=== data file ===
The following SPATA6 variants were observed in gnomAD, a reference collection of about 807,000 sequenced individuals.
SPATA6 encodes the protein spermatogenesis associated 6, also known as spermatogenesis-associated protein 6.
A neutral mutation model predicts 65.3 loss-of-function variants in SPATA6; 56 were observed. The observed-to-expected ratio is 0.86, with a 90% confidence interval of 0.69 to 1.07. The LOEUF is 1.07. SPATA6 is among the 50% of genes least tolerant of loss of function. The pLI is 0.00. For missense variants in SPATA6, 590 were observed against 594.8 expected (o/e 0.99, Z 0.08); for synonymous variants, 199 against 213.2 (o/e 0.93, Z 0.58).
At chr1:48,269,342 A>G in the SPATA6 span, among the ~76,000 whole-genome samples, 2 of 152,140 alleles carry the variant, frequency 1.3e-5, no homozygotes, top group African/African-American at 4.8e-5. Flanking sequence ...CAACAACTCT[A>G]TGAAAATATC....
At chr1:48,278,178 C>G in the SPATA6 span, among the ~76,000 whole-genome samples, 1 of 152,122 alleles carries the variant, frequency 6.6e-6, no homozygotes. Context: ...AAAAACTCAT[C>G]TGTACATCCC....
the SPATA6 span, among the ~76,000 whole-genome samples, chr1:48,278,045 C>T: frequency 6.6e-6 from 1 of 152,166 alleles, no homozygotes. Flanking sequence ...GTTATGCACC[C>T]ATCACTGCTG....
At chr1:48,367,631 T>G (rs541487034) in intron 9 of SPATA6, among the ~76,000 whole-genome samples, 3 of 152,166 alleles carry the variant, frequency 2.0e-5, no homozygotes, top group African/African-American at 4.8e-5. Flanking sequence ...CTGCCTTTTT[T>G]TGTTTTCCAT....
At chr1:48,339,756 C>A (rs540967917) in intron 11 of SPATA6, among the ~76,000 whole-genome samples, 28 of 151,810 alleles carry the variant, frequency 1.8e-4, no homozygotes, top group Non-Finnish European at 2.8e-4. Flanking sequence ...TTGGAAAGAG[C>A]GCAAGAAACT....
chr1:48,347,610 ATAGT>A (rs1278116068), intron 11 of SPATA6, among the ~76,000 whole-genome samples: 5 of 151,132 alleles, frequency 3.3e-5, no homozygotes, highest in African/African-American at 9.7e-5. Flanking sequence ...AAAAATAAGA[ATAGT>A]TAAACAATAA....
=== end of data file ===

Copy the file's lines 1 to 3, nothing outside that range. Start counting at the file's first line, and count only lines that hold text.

The following SPATA6 variants were observed in gnomAD, a reference collection of about 807,000 sequenced individuals.
SPATA6 encodes the protein spermatogenesis associated 6, also known as spermatogenesis-associated protein 6.
A neutral mutation model predicts 65.3 loss-of-function variants in SPATA6; 56 were observed. The observed-to-expected ratio is 0.86, with a 90% confidence interval of 0.69 to 1.07. The LOEUF is 1.07. SPATA6 is among the 50% of genes least tolerant of loss of function. The pLI is 0.00. For missense variants in SPATA6, 590 were observed against 594.8 expected (o/e 0.99, Z 0.08); for synonymous variants, 199 against 213.2 (o/e 0.93, Z 0.58).